October 11, 2016
Health Care Alert
Health Care Alert
Author(s): Laurie T. Cohen
New guidance clarifies HIPAA issues when covered entities and business associates send ePHI into the “cloud.”
The Office for Civil Rights (OCR) continues to issue guidance to covered entities and business associates on discrete arrangements that implicate the HIPAA Privacy and Security Rules (HIPAA Rules). Most recently, OCR released guidance on “HIPAA and Cloud Computing” accompanied by a series of frequently asked questions (FAQs).
The guidance affirms that a covered entity (or business associate ) may engage a cloud service provider (CSP) to store electronic protected health information (ePHI) or to create, receive or transmit ePHI on the covered entity’s (or business associate’s) behalf provided that the parties enter into a HIPAA-compliant business associate agreement. OCR cautions, however, that “a covered entity (or business associate) that engages a CSP should understand the cloud computing environment or solution offered by a particular CSP so that the covered entity (or business associate) can appropriately conduct its own risk analysis and establish risk management policies . . ..”
OCR also clarifies that a CSP storing or maintaining encrypted ePHI on behalf of a covered entity or on behalf of a business associate is itself a business associate. This is the case, even when the CSP does not have access to the decryption key and cannot actually view the ePHI. OCR asserts that, although encryption may protect ePHI from being viewed in an unauthorized manner, such protections do not adequately safeguard the integrity and availability of ePHI as required by the Security Rule. Most notably, encryption does not ensure that the information cannot be corrupted by malware, nor does it ensure that the ePHI remains available to authorized persons.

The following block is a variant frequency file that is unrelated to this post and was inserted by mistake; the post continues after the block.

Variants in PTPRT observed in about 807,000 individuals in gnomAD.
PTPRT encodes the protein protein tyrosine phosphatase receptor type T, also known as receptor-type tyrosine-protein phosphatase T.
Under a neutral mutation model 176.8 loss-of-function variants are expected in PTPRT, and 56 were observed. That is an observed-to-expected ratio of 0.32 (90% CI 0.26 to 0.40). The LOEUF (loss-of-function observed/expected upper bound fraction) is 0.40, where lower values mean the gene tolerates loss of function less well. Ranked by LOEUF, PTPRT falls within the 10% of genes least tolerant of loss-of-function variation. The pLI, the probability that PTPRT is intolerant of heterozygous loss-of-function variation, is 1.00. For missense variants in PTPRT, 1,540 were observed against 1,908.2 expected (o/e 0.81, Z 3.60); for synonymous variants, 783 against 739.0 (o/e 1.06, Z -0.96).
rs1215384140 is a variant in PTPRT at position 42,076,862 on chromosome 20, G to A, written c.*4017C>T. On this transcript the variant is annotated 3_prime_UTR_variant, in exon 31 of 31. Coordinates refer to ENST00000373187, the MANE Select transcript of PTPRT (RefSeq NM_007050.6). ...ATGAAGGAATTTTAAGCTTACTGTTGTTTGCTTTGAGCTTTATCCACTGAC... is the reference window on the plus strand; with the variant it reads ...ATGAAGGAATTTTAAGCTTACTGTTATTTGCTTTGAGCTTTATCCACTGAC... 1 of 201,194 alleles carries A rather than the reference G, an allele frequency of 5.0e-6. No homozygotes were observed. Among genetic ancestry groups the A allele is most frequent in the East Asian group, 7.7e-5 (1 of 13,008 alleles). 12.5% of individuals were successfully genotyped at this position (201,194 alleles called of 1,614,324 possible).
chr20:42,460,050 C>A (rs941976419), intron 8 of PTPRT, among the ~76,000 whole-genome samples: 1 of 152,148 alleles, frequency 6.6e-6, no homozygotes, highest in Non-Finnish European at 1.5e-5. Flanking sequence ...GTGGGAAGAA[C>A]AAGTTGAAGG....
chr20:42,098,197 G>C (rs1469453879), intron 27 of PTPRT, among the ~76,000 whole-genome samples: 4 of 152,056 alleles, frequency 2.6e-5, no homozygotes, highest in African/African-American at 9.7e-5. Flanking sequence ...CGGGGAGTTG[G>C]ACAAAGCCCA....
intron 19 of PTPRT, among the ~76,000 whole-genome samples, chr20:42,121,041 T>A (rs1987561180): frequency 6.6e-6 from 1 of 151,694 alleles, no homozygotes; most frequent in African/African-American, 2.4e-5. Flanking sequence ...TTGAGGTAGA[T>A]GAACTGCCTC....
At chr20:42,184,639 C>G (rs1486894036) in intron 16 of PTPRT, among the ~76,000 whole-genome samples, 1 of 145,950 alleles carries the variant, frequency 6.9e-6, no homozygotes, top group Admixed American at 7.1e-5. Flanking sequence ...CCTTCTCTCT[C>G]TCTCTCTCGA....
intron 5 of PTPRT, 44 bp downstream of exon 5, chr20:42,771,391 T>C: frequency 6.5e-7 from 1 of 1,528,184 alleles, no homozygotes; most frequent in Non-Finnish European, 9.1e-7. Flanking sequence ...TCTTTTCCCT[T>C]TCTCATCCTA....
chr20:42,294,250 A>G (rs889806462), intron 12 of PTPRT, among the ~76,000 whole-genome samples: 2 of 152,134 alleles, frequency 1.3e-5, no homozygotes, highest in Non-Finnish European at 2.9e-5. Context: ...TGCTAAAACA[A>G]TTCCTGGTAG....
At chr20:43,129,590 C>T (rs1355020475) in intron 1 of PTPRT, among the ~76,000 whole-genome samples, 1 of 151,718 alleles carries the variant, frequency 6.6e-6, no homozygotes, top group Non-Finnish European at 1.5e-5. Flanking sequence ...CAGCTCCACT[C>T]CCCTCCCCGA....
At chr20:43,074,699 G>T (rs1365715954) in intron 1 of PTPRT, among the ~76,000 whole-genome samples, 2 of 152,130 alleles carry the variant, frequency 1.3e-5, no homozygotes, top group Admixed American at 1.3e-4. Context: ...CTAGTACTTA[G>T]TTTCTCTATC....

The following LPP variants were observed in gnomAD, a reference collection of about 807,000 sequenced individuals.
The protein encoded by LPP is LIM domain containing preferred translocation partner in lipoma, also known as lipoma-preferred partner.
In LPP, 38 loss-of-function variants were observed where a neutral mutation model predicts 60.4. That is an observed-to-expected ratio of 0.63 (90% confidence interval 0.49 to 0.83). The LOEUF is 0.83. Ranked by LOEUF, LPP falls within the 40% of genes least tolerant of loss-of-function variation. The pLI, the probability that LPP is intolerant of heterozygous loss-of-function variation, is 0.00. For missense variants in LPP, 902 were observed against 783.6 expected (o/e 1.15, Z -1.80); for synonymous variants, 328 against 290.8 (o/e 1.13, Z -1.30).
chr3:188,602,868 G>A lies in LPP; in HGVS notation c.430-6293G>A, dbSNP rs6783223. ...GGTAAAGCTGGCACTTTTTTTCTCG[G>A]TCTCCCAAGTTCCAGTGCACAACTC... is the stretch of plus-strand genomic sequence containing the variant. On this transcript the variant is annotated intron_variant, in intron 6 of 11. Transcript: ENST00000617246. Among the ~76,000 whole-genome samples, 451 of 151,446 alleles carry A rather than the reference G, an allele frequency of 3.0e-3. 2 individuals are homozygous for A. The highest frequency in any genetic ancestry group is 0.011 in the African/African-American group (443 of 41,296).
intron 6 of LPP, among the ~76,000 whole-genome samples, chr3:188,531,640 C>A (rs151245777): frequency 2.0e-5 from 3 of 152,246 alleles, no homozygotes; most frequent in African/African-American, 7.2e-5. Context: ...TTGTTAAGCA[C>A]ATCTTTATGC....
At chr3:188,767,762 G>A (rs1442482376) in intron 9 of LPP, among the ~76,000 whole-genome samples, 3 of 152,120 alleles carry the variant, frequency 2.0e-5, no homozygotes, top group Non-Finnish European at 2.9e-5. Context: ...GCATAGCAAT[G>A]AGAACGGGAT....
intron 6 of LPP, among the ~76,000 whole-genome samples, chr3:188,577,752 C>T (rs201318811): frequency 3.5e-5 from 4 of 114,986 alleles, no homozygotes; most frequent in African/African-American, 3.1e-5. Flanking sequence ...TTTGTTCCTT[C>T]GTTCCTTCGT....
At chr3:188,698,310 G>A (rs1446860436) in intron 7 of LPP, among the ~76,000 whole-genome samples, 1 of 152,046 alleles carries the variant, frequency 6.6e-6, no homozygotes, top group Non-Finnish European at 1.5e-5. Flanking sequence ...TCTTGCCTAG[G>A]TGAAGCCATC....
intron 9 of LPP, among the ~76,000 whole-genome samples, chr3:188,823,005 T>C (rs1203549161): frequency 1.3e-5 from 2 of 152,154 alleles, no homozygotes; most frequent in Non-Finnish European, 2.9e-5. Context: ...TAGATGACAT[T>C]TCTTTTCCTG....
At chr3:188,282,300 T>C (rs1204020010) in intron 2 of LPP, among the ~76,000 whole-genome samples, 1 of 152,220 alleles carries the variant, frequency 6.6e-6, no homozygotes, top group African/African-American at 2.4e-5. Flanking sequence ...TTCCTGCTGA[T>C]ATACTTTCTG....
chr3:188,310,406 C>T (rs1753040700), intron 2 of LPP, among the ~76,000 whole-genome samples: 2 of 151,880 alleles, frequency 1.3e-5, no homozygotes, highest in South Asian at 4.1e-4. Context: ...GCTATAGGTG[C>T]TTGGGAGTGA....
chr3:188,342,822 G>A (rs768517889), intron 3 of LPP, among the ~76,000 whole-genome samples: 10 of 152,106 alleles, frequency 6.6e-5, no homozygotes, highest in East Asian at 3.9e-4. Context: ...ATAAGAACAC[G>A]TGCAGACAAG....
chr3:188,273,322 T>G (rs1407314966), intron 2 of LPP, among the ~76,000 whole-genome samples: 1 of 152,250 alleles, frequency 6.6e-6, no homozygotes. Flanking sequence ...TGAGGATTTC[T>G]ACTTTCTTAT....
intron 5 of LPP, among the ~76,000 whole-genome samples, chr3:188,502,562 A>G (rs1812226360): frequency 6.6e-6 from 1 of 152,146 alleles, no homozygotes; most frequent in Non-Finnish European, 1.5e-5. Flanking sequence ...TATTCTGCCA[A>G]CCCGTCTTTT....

Also of note, OCR recognizes that “a CSP may not have actual or constructive knowledge that a covered entity or another business associate is using its services to create, receive, maintain or transmit ePHI.” OCR explains that “if a CSP becomes aware that it is maintaining ePHI, it must come into compliance with the HIPAA Rules, or securely return the ePHI to the customer or, if agreed to by the customer, securely destroy the ePHI.” A CSP is at risk of violating the HIPAA Rules if it fails to take steps to become compliant once it learns that its service is being used to create, receive, maintain or transmit ePHI. Although the HIPAA Rules provide an affirmative defense in cases where a CSP is unaware that a covered entity or business associate customer is maintaining ePHI in its cloud, such defense is not available if the CSP’s lack of awareness is the result of its own willful neglect.
The guidance and the full text of the FAQs can be found here.
The foregoing has been prepared for the general information of clients and friends of the firm. It is not meant to provide legal advice with respect to any specific matter and should not be acted upon without professional counsel. If you have any questions or require any further information regarding these or other related matters, please contact your regular Nixon Peabody LLP representative. This material may be considered advertising under certain rules of professional conduct.
NP Privacy Partner | 08.16.18
HIPAA Alert | 06.25.18